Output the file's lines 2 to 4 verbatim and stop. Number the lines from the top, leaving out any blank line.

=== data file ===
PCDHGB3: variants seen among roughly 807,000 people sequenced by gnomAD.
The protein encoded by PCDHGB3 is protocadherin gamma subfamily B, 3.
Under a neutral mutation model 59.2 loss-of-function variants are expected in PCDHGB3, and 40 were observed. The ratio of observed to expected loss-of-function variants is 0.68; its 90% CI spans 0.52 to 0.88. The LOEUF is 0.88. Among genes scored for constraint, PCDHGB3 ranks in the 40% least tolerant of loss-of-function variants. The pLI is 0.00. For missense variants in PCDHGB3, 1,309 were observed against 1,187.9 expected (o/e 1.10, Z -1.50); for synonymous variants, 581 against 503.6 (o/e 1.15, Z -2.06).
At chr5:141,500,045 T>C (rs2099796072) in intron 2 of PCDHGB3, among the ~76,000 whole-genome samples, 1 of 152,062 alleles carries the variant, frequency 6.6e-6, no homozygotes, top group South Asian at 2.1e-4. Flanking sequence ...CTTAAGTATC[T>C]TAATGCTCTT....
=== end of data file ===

The protein encoded by PCDHGB3 is protocadherin gamma subfamily B, 3.
Under a neutral mutation model 59.2 loss-of-function variants are expected in PCDHGB3, and 40 were observed. The ratio of observed to expected loss-of-function variants is 0.68; its 90% CI spans 0.52 to 0.88. The LOEUF is 0.88. Among genes scored for constraint, PCDHGB3 ranks in the 40% least tolerant of loss-of-function variants. The pLI is 0.00. For missense variants in PCDHGB3, 1,309 were observed against 1,187.9 expected (o/e 1.10, Z -1.50); for synonymous variants, 581 against 503.6 (o/e 1.15, Z -2.06).
At chr5:141,500,045 T>C (rs2099796072) in intron 2 of PCDHGB3, among the ~76,000 whole-genome samples, 1 of 152,062 alleles carries the variant, frequency 6.6e-6, no homozygotes, top group South Asian at 2.1e-4. Flanking sequence ...CTTAAGTATC[T>C]TAATGCTCTT....